Tuesday,18 September, 2018
Current issue | Issue 1331, (9 - 15 February 2017)
Tuesday,18 September, 2018
Issue 1331, (9 - 15 February 2017)

Ahram Weekly

Are you there yet?

reflects on the La La Land mania

La La Land
La La Land

“Are you crazy, Mum?” So my 15-year-old received me at the door when I last came back from the movie theatre. “You really saw the same film for a third time?” The film was Damien Chazelle’s La La Land, and her incredulity made me wonder what it was about it that captivated me: ingenious jazz, perfect acting, amazing costumes, dazzling colour or all of the above? I eventually concluded that the real reason was the nostalgia it evoked in me, which made me wonder what a writer who lives in the Third World with conservative and religious tendencies like myself could possibly be nostalgic for in a US romantic musical. It seems the glamour and romance of 1940s and 1950s Hollywood is deeply lodged in the psyches of those who grew up in the 1970s after all, regardless even of who they are. A 2017 best picture Oscar nominee, La la Land tells the love story of a jazz pianist and an aspiring actress, Sebastian (Ryan Gosling) and Mia (Emma Stone) struggling to make it in Los Angeles.
 
“Why do you talk about romance as if it was a dirty word?” Sebastian snaps at his sister when she comes to check on him at his studio, urging him to settle down to a normal life. Why do critics talk about nostalgia as if it was a dirty word, I want to snap in turn. Surely the materialism and politicisation with which we are surrounded should make it permissible to yearn for colours and fabrics, dancing and love? Indeed, making use of Mary Zophres’ excellent costume design, Chazelle manages to produce an enthralling animated painting in every scene from the opening when a traffic jam on the freeway in LA has everyone coming out of their cars and joining  in a lovely dance and song, Another Day of Sun, which recalled the Reda Group dance in the 1962 Egyptian film Mid-Year Vacation. It had the same spirit, youthful energy and catchy lyrics. Likewise Mia’s dresses brought to mind such screen local screen legends as Faten Hamama, Magda, Zebieda Tharwat and Soad Hosni.
 
But perhaps Justin Hurwitz’s music was the most powerful element of all, bringing La la, LA, the Land of Dreams  to life, conflating the city with the inner, individual La la land in each of us, represented in City of Stars, the song Sebastian performs all by himself while walking down a bridge, and in which he wonders whether he can realise his dreams of love and success. And it’s interesting that, for both Mia and Sebastian, loves seems accidental and secondary to the dream of professional self-realisation; this is part of the reason the romantic nostalgia works so well. Although the love story is central in the movie, the core theme is not about the romance but rather about how hard it is to follow your dreams. Another point of strength is the implicit discussion of the identity issue.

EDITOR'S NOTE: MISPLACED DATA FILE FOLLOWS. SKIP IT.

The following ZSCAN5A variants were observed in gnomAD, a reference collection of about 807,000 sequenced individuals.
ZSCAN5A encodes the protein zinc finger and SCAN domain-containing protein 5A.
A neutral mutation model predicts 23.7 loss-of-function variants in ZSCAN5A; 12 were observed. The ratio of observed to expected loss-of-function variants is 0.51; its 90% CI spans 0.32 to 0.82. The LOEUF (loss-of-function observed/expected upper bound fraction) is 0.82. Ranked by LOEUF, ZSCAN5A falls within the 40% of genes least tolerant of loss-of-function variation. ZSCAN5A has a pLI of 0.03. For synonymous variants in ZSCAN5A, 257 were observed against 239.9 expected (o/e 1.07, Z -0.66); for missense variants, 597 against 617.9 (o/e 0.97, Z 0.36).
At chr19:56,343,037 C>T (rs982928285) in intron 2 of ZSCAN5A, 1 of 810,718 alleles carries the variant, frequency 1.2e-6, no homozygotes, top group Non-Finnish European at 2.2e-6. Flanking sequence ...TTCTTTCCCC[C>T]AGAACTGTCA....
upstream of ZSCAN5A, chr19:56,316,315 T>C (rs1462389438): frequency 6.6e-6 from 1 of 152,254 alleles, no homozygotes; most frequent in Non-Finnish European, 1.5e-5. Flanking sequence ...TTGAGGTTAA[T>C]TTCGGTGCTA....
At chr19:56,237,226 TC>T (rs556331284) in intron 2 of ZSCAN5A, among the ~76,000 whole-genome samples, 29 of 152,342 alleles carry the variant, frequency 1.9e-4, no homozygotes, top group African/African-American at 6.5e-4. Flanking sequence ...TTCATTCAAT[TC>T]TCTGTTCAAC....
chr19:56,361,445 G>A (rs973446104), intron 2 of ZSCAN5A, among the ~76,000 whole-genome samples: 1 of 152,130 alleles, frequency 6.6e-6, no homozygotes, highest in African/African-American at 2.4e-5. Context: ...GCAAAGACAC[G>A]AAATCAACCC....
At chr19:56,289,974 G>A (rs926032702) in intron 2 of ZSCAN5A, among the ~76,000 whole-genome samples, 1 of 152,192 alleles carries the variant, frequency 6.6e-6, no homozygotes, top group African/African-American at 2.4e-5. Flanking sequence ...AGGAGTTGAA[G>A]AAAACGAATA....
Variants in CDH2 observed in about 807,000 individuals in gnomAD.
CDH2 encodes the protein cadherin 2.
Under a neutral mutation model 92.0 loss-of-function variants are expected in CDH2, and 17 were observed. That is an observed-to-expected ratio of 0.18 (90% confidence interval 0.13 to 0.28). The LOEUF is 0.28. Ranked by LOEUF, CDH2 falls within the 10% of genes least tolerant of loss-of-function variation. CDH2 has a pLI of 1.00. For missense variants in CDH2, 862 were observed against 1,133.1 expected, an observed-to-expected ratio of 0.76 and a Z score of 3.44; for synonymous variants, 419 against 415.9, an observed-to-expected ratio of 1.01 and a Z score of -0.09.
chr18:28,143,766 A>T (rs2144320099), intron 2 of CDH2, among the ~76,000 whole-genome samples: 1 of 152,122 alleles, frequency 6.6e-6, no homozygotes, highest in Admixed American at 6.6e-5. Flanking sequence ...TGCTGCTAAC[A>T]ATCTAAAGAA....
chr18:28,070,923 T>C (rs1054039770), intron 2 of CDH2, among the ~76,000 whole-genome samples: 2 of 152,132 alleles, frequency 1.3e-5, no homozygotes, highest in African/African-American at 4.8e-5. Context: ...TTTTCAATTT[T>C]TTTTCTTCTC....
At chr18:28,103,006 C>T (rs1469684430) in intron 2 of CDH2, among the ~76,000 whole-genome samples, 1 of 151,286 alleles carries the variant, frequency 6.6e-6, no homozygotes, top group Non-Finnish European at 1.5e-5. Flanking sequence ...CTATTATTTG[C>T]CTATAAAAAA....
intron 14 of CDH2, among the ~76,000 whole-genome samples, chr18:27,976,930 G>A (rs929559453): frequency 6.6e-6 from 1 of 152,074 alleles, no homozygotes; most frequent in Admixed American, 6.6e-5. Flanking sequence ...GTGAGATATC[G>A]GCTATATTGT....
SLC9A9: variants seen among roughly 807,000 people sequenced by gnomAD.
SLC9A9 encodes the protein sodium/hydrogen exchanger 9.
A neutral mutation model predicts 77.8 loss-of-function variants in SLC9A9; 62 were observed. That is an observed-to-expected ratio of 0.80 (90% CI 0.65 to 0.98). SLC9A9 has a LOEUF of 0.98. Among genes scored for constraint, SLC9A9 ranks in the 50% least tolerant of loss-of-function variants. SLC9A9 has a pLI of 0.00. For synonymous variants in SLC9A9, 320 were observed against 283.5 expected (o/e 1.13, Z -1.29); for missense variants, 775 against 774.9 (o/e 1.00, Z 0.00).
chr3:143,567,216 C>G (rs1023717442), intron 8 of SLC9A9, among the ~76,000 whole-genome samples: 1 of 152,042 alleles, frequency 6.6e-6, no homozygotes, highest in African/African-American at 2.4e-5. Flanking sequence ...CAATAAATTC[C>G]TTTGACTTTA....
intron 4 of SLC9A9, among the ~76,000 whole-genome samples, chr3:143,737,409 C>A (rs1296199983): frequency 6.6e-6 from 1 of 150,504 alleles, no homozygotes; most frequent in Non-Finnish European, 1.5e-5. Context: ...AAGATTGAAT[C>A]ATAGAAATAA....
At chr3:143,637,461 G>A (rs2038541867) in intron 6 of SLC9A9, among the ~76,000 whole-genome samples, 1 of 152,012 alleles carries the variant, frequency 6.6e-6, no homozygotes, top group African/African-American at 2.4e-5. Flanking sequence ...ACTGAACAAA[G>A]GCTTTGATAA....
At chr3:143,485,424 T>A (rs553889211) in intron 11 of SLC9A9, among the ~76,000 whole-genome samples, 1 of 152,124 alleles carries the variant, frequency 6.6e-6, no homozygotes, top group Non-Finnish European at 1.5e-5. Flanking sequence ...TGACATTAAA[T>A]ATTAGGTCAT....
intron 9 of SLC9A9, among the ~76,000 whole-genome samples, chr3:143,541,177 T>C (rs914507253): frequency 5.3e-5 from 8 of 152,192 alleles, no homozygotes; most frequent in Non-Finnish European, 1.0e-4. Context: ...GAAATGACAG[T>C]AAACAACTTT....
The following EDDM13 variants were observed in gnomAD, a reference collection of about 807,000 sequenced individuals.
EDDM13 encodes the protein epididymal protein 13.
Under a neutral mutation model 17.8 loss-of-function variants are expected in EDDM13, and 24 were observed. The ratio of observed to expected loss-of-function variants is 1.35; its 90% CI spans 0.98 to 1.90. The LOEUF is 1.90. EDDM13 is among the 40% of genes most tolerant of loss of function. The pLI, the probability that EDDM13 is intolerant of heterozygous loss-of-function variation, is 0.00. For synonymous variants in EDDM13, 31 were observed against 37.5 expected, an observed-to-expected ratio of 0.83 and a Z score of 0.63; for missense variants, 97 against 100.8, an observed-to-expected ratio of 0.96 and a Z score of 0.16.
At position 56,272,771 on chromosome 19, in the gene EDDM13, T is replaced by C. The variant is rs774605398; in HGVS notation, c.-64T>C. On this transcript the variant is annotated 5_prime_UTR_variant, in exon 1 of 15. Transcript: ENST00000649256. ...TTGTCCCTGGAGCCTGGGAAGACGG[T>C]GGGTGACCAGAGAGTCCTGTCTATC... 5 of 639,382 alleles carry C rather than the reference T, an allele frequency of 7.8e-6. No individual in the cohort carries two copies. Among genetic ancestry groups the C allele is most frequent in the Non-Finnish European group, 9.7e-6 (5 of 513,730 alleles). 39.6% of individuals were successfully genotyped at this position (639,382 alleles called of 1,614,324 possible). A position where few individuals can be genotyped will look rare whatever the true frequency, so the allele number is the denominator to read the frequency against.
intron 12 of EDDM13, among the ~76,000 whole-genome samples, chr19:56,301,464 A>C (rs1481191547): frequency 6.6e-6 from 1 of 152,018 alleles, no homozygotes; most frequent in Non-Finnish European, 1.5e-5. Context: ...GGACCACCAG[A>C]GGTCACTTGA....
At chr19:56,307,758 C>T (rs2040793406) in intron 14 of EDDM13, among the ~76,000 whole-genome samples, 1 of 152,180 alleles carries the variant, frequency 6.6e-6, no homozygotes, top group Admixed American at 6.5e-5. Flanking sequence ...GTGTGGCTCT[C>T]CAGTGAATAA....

The charismatic performance of Stone in the role of struggling young actress who almost gives up before her lover’s encouragement pushes her into one last audition – the one that turns out to be her break, sending her to Paris while Sebastian manages to open his own jazz cafe and reinvent the genre. Her facial expressions at moments of failure, anger, contentment and joy constitute an unspoken dialogue, while it is through the dances choreographed by Mandy Moore – and featuring tap dancing and tango – that the story develops. And yet the reason why the couple decide to split remains somewhat vague. They’ve had their own disappointments and small clashes, but it is not an enough reason for them to give up on their love. It is tragic how, while they both succeed in their careers, they end up separated and alone. That couple’s ambitions overcame their desire to stay together was a great disappointment. However, I did not feel sad, because of the overwhelming feelings of love and joy and the fact that they did after all get what they wanted.


Having started with a traffic jam, the film ends with one too. This time it is at night, five years after the couple’s separation: Mia and her husband, whom she met in Paris, are on their way to an event but the traffic forces them away from their original destination and, drawn to the sound of music, they end up at Sebastian’s establishment: while they stop there, with Sebastian playing the piano, a flashback suggests an alternative life in which Mia and Sebastian – happily married and no less successful – are at a differently named jazz cafe together. This adds layers to the questions and conflicts evoked by the film, but it is important to remember that none of these ideas would be interesting without the heavenly sights and sounds that make this such a fantastically nostalgic experience.

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